· Features

Fit for Work: Is it fit for purpose?

The Fit for Work scheme is meant to be simple, but experts are predicting issues for both businesses and individuals

The government’s Fit for Work service has begun its national rollout, due to be completed by the end of May 2015, but concerns remain over its effectiveness.

The scheme follows a consultation prompted by health expert and Department of Health adviser Carol Black’s recommendation in November 2011 of a government-funded occupational health assessment service. It aims to stamp out the “sick-note culture”, which prime minister David Cameron says is a “conveyor belt to a life on benefits”.

Referrals to the service can be made by GPs or employers. After a telephone assessment, a case manager prepares a ‘Return to Work Plan’, which suggests what the employer can do to assist the employee in returning to work.

It sounds straightforward, but several experts have expressed reservations about the scheme, predicting a number of issues that could arise once the service is rolled out more widely.

Referral issues

One of the main ways employees will be able to interact with the service is through referral by GPs, but The Work Foundation senior researcher Karen Steadman suggests that there could be problems around how the guidelines are understood.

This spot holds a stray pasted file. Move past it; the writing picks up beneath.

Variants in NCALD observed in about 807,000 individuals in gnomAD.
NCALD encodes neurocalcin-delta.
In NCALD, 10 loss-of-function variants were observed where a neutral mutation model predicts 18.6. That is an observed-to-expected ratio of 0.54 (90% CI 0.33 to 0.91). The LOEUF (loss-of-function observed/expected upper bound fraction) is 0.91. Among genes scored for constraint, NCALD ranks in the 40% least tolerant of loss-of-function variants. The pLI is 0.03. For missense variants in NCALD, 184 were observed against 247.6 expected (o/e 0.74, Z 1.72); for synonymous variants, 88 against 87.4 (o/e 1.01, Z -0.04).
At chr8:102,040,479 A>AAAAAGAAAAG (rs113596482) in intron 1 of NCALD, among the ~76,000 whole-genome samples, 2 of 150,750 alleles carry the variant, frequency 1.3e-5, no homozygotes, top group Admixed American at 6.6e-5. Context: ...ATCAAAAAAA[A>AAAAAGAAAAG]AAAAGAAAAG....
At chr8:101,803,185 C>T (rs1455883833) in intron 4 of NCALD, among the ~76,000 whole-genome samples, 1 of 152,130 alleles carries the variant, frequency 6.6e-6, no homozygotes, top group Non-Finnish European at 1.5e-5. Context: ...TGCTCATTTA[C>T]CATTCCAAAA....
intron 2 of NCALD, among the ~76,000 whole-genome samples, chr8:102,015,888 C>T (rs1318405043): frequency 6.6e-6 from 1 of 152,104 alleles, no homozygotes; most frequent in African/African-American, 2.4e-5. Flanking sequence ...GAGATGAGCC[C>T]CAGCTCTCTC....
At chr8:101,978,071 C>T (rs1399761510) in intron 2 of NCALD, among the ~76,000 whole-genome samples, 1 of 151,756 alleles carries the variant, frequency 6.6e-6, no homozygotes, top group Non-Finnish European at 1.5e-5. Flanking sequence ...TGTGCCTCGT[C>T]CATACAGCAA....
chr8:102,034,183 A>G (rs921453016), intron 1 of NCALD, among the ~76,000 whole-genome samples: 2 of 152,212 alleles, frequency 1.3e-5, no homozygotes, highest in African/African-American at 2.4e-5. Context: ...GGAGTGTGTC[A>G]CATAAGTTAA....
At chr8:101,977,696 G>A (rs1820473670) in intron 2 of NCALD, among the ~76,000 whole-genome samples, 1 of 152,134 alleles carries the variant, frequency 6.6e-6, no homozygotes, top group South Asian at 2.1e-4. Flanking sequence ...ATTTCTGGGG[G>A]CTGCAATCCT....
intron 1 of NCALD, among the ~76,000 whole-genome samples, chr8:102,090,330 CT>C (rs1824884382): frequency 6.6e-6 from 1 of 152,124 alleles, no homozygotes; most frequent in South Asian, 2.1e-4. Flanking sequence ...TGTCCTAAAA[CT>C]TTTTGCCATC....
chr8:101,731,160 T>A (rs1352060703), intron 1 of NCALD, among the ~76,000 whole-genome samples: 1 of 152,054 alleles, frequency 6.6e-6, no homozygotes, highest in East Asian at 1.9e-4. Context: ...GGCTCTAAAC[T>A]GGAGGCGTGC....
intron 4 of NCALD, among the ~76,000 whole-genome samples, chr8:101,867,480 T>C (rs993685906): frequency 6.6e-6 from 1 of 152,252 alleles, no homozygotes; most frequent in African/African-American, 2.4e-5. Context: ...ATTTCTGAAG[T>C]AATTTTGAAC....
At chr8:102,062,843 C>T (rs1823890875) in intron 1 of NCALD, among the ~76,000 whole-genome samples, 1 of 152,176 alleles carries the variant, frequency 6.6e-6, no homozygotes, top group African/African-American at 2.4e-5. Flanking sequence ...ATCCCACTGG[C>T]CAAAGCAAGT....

She points to a study produced by the Department for Work and Pensions last year intended to provide an estimate of likely rate of referral, using data collected from fit notes issued by GPs in ?a selection of practices.

It predicted that GPs are likely to refer 36% of their eligible patients to the new service. However, the proportion of referrals varied considerably between practices, and although they were briefed on the criteria, the report concluded: “GPs appeared to have interpreted eligibility for the new service in different ways.”

Healthcare insurance provider AXA PPP head of proposition and intelligence Nick Jeal also points out that while a GP can refer an employee earlier, the employer has to wait for at least four weeks. “If the overarching aim is to have more people more active in the workplace, does the employer not being engaged until after four weeks has passed help that?” he asks.

Jeal also says he would question whether four weeks is the right time period, and whether the £500 tax relief offered is the right amount. The government has introduced new rules on tax relief applying to employer-funded return to work interventions, which is capped ?at £500 per employee per year. Considering the cost of specialist medical equipment, for example, it is not clear how far this amount would go.

Quality a concern

Irwin Mitchell employment partner Omer Simjee believes there may be issues with the first assessment being conducted by telephone. “What has quite often happened is that whenever there has been a telephone assessment, the employee will complain that it was done over the phone rather than face-to-face,” he says.

In this scheme, it is for occupational health professionals to determine if a face-to-face assessment is necessary, but Simjee suggests that it is more efficient to do more assessments by telephone and that the government has effectively “given a mandate” to conduct fewer face-to-face assessments.